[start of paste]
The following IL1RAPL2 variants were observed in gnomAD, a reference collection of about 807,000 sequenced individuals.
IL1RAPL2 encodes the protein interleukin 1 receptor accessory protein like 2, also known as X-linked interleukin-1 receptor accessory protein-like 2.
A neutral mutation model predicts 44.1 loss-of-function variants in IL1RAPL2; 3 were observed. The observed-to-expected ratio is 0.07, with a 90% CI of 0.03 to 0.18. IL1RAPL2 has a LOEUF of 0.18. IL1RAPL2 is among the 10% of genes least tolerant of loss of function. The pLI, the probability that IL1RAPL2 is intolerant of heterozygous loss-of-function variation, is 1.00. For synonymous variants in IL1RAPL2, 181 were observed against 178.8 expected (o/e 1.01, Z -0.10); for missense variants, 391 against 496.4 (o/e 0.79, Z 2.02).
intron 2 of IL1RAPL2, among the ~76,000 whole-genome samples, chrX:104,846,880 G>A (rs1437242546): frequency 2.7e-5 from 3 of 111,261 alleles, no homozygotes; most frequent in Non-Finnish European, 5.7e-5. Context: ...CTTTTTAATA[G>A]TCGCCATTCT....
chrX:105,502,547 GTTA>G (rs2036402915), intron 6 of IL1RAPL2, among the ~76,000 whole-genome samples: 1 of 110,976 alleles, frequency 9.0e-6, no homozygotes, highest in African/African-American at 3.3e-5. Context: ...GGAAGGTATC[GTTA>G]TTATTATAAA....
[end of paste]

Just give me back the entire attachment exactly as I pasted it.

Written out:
The following IL1RAPL2 variants were observed in gnomAD, a reference collection of about 807,000 sequenced individuals.
IL1RAPL2 encodes the protein interleukin 1 receptor accessory protein like 2, also known as X-linked interleukin-1 receptor accessory protein-like 2.
A neutral mutation model predicts 44.1 loss-of-function variants in IL1RAPL2; 3 were observed. The observed-to-expected ratio is 0.07, with a 90% CI of 0.03 to 0.18. IL1RAPL2 has a LOEUF of 0.18. IL1RAPL2 is among the 10% of genes least tolerant of loss of function. The pLI, the probability that IL1RAPL2 is intolerant of heterozygous loss-of-function variation, is 1.00. For synonymous variants in IL1RAPL2, 181 were observed against 178.8 expected (o/e 1.01, Z -0.10); for missense variants, 391 against 496.4 (o/e 0.79, Z 2.02).
intron 2 of IL1RAPL2, among the ~76,000 whole-genome samples, chrX:104,846,880 G>A (rs1437242546): frequency 2.7e-5 from 3 of 111,261 alleles, no homozygotes; most frequent in Non-Finnish European, 5.7e-5. Context: ...CTTTTTAATA[G>A]TCGCCATTCT....
chrX:105,502,547 GTTA>G (rs2036402915), intron 6 of IL1RAPL2, among the ~76,000 whole-genome samples: 1 of 110,976 alleles, frequency 9.0e-6, no homozygotes, highest in African/African-American at 3.3e-5. Context: ...GGAAGGTATC[GTTA>G]TTATTATAAA....